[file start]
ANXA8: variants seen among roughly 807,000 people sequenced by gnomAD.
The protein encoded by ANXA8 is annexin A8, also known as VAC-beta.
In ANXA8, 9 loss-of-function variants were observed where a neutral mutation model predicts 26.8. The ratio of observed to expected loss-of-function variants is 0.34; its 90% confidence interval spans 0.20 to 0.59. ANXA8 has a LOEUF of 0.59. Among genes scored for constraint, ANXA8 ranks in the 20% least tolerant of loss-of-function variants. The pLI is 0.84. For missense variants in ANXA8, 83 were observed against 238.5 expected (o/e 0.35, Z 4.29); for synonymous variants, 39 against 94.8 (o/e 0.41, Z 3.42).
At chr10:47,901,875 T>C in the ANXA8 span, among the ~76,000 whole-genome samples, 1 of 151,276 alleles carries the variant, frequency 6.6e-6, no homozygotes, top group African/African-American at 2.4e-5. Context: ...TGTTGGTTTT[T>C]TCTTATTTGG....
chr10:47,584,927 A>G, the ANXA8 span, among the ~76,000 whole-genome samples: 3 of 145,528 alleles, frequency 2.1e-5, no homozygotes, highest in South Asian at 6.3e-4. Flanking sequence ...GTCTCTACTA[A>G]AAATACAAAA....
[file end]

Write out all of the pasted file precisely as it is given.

ANXA8: variants seen among roughly 807,000 people sequenced by gnomAD.
The protein encoded by ANXA8 is annexin A8, also known as VAC-beta.
In ANXA8, 9 loss-of-function variants were observed where a neutral mutation model predicts 26.8. The ratio of observed to expected loss-of-function variants is 0.34; its 90% confidence interval spans 0.20 to 0.59. ANXA8 has a LOEUF of 0.59. Among genes scored for constraint, ANXA8 ranks in the 20% least tolerant of loss-of-function variants. The pLI is 0.84. For missense variants in ANXA8, 83 were observed against 238.5 expected (o/e 0.35, Z 4.29); for synonymous variants, 39 against 94.8 (o/e 0.41, Z 3.42).
At chr10:47,901,875 T>C in the ANXA8 span, among the ~76,000 whole-genome samples, 1 of 151,276 alleles carries the variant, frequency 6.6e-6, no homozygotes, top group African/African-American at 2.4e-5. Context: ...TGTTGGTTTT[T>C]TCTTATTTGG....
chr10:47,584,927 A>G, the ANXA8 span, among the ~76,000 whole-genome samples: 3 of 145,528 alleles, frequency 2.1e-5, no homozygotes, highest in South Asian at 6.3e-4. Flanking sequence ...GTCTCTACTA[A>G]AAATACAAAA....